Rooftops Canada in Kenya• 1984: First Rooftops Canada partner. NACHU has been a leader in pioneering HMF in Kenya (with Rooftops Canada support)• 2004: FECHIMM (Quebec Cooperative) loan through Rooftops Canada to NACHU• 2010: Current HMF loan fund : financed 80 percent from donations ($335, 000) by international agencies and 20 percent from low cost loans operations
Kenya: Housing Situation• Population: 36 million• Kibera: world’s second largest slum• 45% of Nairobis population of 3.5 million people live in slums • Lack of basic services: sanitation & drainage systems, water • Overcrowding, HIV/AIDS
2008: Post-election Violence• 30,000 people forced from their homes• Co-op housing burnt to the ground• Water & sanitation systems vandalized• Shelter for HIV and AIDS orphans looted and destroyed
NACHU• NACHU encourages a culture of savings; minimum shs 200 per month (equivalent to $3.40 CDN)• Provides small loans (against savings) that fit the way housing is built by the poor – progressively and over long time periods.
Small Business Enterprises• Improving livelihoods through small business for income toward housing• Ability to repay loans and work toward the next increased incremental loan
Violence hits Homes• Co-op housing destroyed or illegally occupied• Loss of sources of livelihood, income and capital• Cooperative and social fabrics disrupted
Video: Posho Corn Mill• Owner of a maize (corn) mill business describes how his business and his home were destroyed in the post election violence except for one grinding machine.• He has used incremental financing and some help from government to rebuild his home and business
Video of Explanation
Not a Slum Co-op member has used her co-op membership and savings to finance her house cement siding. She has started a day care to earn more money to save for her next loan.
A Challenge for NACHU Encouraging members through co-op member support not to sell upgraded home for quick cash and return to the slums
Day Care CourtyardScott’s Suckers are a Hit: Courtyard daycare children with study visitors
Board Chair and a Co-op Member NACHU member explains her upgrade of house siding and her plan of the day care for Higher earnings and saving for her next loan. She cares for about 18 children a day. Today only 14!
A Swahill House Video• 1st loan: building with rooms for extended family and rental• 2nd: “restaurant”
Inside One of the EntriesThrough a door ofthe Swahili house One room “restaurant”Extended familyof the co-op member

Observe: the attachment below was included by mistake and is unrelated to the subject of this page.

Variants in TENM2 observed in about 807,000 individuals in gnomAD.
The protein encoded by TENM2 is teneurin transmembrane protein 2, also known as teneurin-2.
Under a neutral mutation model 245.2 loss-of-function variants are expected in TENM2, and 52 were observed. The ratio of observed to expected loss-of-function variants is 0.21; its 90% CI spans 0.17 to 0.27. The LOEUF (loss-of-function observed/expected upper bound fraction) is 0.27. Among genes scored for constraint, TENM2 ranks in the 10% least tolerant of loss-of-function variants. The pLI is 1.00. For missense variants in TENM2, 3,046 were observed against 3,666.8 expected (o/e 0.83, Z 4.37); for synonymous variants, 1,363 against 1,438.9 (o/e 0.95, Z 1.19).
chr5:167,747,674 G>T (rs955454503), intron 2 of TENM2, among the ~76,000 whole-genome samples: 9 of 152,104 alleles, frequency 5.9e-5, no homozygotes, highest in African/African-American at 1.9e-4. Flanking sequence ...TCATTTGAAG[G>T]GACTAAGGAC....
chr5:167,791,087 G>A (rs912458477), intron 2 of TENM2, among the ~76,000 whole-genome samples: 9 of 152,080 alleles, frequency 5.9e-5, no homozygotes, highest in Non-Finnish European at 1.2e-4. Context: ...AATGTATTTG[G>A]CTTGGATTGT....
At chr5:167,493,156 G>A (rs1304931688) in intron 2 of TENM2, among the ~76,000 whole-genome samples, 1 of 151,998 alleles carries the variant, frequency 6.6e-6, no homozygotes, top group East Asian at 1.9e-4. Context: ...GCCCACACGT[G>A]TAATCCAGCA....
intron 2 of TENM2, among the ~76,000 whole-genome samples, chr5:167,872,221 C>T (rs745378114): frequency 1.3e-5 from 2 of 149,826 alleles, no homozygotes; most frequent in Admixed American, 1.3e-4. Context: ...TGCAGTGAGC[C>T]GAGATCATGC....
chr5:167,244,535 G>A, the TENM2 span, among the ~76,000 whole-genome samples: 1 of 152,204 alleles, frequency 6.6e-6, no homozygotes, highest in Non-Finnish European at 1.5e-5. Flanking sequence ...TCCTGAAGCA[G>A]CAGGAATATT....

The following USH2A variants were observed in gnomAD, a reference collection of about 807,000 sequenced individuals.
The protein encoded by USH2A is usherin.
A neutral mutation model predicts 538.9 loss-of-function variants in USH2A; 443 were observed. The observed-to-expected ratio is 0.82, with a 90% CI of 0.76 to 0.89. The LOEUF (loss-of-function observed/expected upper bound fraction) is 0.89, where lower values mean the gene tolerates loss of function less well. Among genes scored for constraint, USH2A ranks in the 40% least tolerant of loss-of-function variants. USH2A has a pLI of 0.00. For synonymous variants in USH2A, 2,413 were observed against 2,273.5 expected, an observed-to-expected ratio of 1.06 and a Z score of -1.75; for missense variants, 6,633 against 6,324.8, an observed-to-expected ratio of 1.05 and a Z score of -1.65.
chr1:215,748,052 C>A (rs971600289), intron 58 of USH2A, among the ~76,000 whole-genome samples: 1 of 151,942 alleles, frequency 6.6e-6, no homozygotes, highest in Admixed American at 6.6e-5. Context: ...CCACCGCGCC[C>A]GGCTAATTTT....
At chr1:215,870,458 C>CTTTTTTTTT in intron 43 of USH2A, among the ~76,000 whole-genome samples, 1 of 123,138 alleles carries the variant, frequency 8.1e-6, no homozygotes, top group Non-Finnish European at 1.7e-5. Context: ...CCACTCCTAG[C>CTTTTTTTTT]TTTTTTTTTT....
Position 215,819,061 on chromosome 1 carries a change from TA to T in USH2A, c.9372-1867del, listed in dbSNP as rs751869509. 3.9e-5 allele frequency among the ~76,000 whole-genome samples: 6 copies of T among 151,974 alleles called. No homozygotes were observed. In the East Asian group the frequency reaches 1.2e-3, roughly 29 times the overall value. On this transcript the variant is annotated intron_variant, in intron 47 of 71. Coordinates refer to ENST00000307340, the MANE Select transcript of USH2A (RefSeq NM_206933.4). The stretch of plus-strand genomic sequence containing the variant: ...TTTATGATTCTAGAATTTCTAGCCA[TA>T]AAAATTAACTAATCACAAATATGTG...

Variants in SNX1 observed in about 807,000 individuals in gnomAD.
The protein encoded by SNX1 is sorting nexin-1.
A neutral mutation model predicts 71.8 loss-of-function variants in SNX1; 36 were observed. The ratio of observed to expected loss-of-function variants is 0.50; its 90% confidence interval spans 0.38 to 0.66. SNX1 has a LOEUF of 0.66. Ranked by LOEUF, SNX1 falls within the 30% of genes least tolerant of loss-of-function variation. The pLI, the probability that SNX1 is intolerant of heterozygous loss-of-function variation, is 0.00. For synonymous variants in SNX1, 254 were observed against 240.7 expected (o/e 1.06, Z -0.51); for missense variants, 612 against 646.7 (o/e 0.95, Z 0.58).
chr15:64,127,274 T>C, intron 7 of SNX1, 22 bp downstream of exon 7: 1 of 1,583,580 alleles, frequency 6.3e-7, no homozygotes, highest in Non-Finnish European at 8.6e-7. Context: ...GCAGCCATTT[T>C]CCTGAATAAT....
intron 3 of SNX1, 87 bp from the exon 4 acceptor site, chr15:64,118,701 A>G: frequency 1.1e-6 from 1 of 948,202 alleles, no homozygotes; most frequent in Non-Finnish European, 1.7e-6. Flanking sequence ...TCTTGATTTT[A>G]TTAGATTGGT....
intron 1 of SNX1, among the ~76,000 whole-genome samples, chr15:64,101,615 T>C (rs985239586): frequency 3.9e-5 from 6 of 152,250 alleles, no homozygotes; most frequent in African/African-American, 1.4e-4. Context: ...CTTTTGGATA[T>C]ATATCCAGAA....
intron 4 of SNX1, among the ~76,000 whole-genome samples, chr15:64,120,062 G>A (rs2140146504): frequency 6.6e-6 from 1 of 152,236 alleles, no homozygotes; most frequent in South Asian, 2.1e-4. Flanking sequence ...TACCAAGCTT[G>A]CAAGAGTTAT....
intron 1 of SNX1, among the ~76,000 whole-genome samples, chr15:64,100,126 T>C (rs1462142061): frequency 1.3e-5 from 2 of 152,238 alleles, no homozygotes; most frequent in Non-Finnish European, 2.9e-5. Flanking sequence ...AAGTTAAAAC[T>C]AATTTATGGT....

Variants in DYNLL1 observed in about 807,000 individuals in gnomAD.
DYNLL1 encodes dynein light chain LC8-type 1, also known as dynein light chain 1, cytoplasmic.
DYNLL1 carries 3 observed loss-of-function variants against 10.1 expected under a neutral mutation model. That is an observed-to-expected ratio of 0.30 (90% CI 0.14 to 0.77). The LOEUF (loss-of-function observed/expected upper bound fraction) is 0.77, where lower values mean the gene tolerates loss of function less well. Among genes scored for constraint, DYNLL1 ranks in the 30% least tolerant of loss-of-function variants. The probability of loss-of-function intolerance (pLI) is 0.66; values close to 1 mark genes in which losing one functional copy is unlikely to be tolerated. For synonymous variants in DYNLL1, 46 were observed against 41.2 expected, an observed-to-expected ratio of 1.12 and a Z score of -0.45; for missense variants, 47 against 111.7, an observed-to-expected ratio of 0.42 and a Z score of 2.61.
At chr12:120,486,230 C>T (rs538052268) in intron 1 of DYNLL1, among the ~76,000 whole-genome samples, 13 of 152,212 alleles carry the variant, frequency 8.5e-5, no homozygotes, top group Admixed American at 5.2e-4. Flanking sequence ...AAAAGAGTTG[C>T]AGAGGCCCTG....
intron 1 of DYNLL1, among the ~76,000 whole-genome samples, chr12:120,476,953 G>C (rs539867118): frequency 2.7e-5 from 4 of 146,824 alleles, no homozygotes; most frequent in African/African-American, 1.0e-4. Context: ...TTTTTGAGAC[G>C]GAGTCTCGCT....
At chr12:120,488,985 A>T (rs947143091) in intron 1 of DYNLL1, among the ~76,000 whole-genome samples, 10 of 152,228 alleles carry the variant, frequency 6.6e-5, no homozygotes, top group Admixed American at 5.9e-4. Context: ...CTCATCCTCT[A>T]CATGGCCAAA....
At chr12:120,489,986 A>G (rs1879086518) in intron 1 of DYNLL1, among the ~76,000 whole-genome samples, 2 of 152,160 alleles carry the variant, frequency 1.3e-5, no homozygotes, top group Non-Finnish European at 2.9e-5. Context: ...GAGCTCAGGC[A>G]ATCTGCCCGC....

Naivasha Traders Housing Co-operative Society Ltd. • Small scale traders:Used groupDeputy Mayor: from fund to make permanenthomelessness to leader of investments in land and housingCo-op to politics • Bought land and subdivided among the members for rental income or self housing • 703 members have allocated plots and 310 have constructed
Out of the SlumsInitial savings buys a plot and materialfor 20ft by 10ft home
Where Does the Money Come From? • 2004, FECHIMM (Quebec Cooperative) loan through Rooftops Canada, to NACHU, HMF $20,000, interest rate 5% • NACHU good with the terms of the agreement, never missing a payment. • 2008, after the post election violence, the co- ops in the Nakuru area had been destroyed, NACHU asked for a break in the payments: granted for about a year. Now the situation is back to normal.
How Does All This Happen? Cont’d• The Rooftops Canada Africa Housing Fund is launching an initial capital target of at least one million dollars with a projected growth several times that amount.• Cooperative Housing Federation Canada has championed the cause by investing $100,000 to back up the fund.• Funding sparking interest from local banks to participate – MOU signed in Kenya
NACHU Awards of Excellence Award from CHRA on the table The organization is proud of awards Received and its international partners
What can Canadian housing groups do?• Support WAT and NACHU HMF and capacity building and projects through Rooftops Canada• Stay informed and help inform others – organize an education event• Visit www.rooftops.ca for more ideas